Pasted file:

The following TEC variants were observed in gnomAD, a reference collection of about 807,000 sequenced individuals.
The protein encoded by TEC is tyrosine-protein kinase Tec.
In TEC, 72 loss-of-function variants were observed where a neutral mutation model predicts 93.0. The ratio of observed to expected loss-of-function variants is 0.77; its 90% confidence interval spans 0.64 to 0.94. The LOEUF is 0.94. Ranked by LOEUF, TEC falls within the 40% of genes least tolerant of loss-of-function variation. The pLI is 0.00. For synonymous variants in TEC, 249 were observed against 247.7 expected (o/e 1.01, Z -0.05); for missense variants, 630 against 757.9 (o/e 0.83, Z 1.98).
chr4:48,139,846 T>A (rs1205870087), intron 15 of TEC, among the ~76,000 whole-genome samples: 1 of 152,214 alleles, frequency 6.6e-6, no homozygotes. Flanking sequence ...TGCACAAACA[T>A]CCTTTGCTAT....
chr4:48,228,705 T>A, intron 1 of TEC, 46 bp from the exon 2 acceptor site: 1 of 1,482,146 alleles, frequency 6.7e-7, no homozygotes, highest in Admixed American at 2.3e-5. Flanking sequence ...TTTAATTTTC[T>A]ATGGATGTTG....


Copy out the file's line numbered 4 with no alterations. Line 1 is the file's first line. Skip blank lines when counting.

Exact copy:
chr4:48,139,846 T>A (rs1205870087), intron 15 of TEC, among the ~76,000 whole-genome samples: 1 of 152,214 alleles, frequency 6.6e-6, no homozygotes. Flanking sequence ...TGCACAAACA[T>A]CCTTTGCTAT....